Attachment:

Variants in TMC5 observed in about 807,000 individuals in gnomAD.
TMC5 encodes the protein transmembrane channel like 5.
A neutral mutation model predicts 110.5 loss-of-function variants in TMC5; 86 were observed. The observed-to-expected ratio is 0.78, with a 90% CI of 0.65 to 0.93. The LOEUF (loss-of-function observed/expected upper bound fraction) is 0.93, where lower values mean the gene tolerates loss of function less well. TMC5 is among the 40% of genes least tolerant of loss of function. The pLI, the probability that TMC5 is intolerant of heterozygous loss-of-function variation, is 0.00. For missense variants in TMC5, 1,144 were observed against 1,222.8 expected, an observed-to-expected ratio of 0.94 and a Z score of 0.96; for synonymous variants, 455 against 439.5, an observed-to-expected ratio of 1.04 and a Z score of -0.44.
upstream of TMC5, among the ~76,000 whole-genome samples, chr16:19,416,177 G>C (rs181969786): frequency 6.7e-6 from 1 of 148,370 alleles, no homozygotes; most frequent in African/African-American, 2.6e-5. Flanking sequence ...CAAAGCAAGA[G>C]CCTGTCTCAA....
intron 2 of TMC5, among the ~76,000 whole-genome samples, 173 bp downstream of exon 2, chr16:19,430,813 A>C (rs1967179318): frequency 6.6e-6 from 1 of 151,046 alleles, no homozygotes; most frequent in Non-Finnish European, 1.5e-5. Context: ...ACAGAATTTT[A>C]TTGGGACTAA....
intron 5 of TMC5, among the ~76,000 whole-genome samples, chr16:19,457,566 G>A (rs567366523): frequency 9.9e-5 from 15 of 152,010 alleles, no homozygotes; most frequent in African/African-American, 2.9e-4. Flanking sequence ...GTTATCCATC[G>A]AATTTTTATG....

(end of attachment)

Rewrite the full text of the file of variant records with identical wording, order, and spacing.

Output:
Variants in TMC5 observed in about 807,000 individuals in gnomAD.
TMC5 encodes the protein transmembrane channel like 5.
A neutral mutation model predicts 110.5 loss-of-function variants in TMC5; 86 were observed. The observed-to-expected ratio is 0.78, with a 90% CI of 0.65 to 0.93. The LOEUF (loss-of-function observed/expected upper bound fraction) is 0.93, where lower values mean the gene tolerates loss of function less well. TMC5 is among the 40% of genes least tolerant of loss of function. The pLI, the probability that TMC5 is intolerant of heterozygous loss-of-function variation, is 0.00. For missense variants in TMC5, 1,144 were observed against 1,222.8 expected, an observed-to-expected ratio of 0.94 and a Z score of 0.96; for synonymous variants, 455 against 439.5, an observed-to-expected ratio of 1.04 and a Z score of -0.44.
upstream of TMC5, among the ~76,000 whole-genome samples, chr16:19,416,177 G>C (rs181969786): frequency 6.7e-6 from 1 of 148,370 alleles, no homozygotes; most frequent in African/African-American, 2.6e-5. Flanking sequence ...CAAAGCAAGA[G>C]CCTGTCTCAA....
intron 2 of TMC5, among the ~76,000 whole-genome samples, 173 bp downstream of exon 2, chr16:19,430,813 A>C (rs1967179318): frequency 6.6e-6 from 1 of 151,046 alleles, no homozygotes; most frequent in Non-Finnish European, 1.5e-5. Context: ...ACAGAATTTT[A>C]TTGGGACTAA....
intron 5 of TMC5, among the ~76,000 whole-genome samples, chr16:19,457,566 G>A (rs567366523): frequency 9.9e-5 from 15 of 152,010 alleles, no homozygotes; most frequent in African/African-American, 2.9e-4. Flanking sequence ...GTTATCCATC[G>A]AATTTTTATG....